5 Things to Know About X-Ray Radiation


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It Tells Us Cool Stuff

X-ray radiation's use in astronomy gives us plenty of cool information about the universe.

Many events in space, ranging from black holes to comets and stars, give off unique radiation signatures. Although we generally clump all X-rays together, the ones coming from space are a bit different. They're created from natural phenomena in the universe that give off immense amounts of energy (and heat).

To measure X-ray radiation, or the energy from particles in space, scientists collect information using satellites outside Earth's atmosphere. Such X-rays give us clues to the origins of the universe and contribute to our perceptions of auroras that routinely line the night sky.

Back on Earth, scientists create X-rays with particle accelerators, which move electrons near the speed of light around a track until they emit beams of the radiation. This allows researchers to examine the atomic structure of materials -- both synthetic and environmental.

Want to learn more about X-ray radiation? Peruse the next page for more interesting sources.

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Sources

  • Centers for Disease Control and Prevention. "Emergency Preparedness and Response: Radiation Emergencies -- Measuring Radiation." May 10, 2006. (April 20, 2011)http://www.bt.cdc.gov/radiation/measurement.asp
  • Mayo Clinic. "CT scan." Jan. 12, 2010. (April 20, 2011)http://www.mayoclinic.com/health/ct-scan/MY00309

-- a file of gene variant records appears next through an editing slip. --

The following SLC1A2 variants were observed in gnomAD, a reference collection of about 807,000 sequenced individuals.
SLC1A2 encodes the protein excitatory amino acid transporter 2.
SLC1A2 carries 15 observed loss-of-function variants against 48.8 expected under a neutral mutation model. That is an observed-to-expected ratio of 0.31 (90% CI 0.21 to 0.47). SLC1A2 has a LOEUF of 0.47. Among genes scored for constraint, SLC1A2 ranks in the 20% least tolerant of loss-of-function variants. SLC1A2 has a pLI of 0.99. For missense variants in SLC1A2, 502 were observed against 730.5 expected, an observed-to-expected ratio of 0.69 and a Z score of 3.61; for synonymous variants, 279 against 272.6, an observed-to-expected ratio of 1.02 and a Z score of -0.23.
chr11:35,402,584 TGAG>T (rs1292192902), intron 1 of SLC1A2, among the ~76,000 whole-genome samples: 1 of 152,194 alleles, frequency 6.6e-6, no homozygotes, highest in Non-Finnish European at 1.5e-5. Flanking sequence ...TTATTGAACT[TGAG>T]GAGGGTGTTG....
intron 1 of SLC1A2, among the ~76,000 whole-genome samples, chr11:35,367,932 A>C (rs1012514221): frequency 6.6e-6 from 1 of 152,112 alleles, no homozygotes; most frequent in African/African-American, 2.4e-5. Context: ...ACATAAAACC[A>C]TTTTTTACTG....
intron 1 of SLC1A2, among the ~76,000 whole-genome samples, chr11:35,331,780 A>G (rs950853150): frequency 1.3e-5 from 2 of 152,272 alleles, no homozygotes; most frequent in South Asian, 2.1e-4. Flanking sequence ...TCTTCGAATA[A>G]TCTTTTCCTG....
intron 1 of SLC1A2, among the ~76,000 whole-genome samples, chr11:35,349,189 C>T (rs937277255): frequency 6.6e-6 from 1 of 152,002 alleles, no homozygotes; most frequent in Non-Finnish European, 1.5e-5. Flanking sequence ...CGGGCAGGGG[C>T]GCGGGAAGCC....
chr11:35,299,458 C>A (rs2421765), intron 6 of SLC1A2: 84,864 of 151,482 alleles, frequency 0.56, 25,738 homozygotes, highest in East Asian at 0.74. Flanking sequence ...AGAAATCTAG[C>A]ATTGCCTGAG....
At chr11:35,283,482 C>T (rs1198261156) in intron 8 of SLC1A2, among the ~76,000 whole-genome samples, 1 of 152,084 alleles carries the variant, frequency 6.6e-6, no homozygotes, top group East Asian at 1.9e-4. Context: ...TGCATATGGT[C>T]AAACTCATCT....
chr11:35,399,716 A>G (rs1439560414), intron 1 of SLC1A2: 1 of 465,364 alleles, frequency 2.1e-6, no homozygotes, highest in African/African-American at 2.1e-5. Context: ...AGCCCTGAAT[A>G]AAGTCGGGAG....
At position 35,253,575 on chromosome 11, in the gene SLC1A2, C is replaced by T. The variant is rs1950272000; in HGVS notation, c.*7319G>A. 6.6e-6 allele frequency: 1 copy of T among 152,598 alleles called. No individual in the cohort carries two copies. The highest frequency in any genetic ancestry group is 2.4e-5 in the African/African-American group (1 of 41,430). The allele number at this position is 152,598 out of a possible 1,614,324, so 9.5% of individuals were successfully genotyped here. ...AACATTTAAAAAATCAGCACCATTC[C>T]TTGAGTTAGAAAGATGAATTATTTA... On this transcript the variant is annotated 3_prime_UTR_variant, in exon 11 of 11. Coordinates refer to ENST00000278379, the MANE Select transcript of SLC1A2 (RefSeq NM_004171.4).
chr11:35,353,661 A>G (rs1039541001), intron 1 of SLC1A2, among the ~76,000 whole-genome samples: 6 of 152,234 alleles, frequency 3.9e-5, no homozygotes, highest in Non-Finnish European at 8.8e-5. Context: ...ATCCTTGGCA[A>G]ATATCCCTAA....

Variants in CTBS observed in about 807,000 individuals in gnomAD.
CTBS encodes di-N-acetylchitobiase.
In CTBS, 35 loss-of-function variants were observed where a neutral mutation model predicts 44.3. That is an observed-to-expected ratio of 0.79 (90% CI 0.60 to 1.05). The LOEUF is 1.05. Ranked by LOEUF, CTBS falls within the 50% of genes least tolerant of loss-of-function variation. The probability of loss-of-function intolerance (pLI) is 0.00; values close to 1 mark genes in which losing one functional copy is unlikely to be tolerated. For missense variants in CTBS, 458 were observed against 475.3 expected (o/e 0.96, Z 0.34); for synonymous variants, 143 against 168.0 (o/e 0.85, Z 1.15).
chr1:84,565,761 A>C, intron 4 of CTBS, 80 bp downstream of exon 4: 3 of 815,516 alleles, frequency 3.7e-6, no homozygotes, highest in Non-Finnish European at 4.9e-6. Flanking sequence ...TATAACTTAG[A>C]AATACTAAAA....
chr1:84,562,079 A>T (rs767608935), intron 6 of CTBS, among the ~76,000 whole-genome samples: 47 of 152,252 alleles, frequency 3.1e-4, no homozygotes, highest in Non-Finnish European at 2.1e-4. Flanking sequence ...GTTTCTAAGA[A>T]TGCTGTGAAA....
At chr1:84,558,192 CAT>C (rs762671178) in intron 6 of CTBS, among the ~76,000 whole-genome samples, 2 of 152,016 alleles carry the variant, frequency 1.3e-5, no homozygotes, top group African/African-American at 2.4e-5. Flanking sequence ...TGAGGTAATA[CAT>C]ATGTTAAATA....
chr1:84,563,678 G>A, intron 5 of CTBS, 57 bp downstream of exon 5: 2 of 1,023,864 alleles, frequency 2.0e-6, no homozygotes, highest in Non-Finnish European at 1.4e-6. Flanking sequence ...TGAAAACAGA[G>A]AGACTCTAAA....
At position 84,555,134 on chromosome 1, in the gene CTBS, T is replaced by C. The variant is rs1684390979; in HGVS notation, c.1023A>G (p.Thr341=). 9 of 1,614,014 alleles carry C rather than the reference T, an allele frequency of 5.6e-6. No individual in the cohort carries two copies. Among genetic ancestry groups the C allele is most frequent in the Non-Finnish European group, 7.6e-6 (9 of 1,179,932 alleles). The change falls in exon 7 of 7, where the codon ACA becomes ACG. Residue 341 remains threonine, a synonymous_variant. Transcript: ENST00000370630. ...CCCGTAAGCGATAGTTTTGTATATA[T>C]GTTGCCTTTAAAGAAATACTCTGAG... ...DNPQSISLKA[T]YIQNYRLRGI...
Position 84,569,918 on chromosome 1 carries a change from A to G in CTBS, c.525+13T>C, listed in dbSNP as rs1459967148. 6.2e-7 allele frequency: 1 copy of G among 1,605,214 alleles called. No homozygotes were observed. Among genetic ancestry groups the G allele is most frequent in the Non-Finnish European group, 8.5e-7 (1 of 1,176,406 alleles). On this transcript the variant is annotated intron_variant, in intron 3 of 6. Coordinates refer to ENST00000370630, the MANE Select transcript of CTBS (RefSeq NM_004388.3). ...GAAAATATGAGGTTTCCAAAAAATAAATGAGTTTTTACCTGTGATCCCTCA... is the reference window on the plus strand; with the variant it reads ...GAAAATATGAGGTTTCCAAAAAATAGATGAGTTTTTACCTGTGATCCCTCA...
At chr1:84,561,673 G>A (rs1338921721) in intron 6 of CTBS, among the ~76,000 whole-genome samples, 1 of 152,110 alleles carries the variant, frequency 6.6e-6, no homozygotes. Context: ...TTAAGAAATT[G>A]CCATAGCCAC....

• NASA. "The Electromagnetic Spectrum." March 27, 2007. (April 20, 2011)http://science.hq.nasa.gov/kids/imagers/ems/xrays.html
  • NASA. "Most Distant X-Ray Jet Discovered Provides Clues to Big Bang." NASA News. Nov. 25, 2007. (April 20, 2011)http://www.nasa.gov/home/hqnews/2003/nov/HQ_03367_xray_jet.html
  • NobelPrize.org. "Wilhelm Conrad Roentgen - Biography." (April 20, 2011) http://nobelprize.org/nobel_prizes/physics/laureates/1901/rontgen-bio.html
  • Radiological Society of North America. "Radiation Exposure in X-Ray and CT Examinations." Nov. 15, 2010. (April 20, 2011)http://www.radiologyinfo.org/en/safety/index.cfm?pg=sfty_xray
  • Transportation Security Administration, U.S. Department of Homeland Security. "Frequently Asked Questions: Advanced Imaging Technology." (April 20, 2011)http://blog.tsa.gov/2009/11/response-to-oops-backscatter-x-ray.html
  • University of Colorado. "X-Ray Safety." Physics 2000. (April 20, 2011)http://www.colorado.edu/physics/2000/xray/xray_abs3.html
  • U.S. Environmental Protection Agency. "Radiation Protection: Health Effects." March 24, 2011. (April 20, 2011)http://www.epa.gov/rpdweb00/understand/health_effects.html
  • U.S. Environmental Protection Agency. "RadTown USA: Medical X-Rays." July 19, 2010. (April 20, 2011).http://www.epa.gov/radtown/medical-xrays.html
  • U.S. Food and Drug Administration. "Radiology and Children." June 23, 2008. (April 29, 2011)http://www.fda.gov/ForConsumers/ConsumerUpdates/ucm048578.htm
  • U.S. Food and Drug Administration. "Reducing Radiation from Medical X-Rays." Feb. 19, 2009. (April 29, 2011)http://www.fda.gov/ForConsumers/ConsumerUpdates/ucm095505.htm

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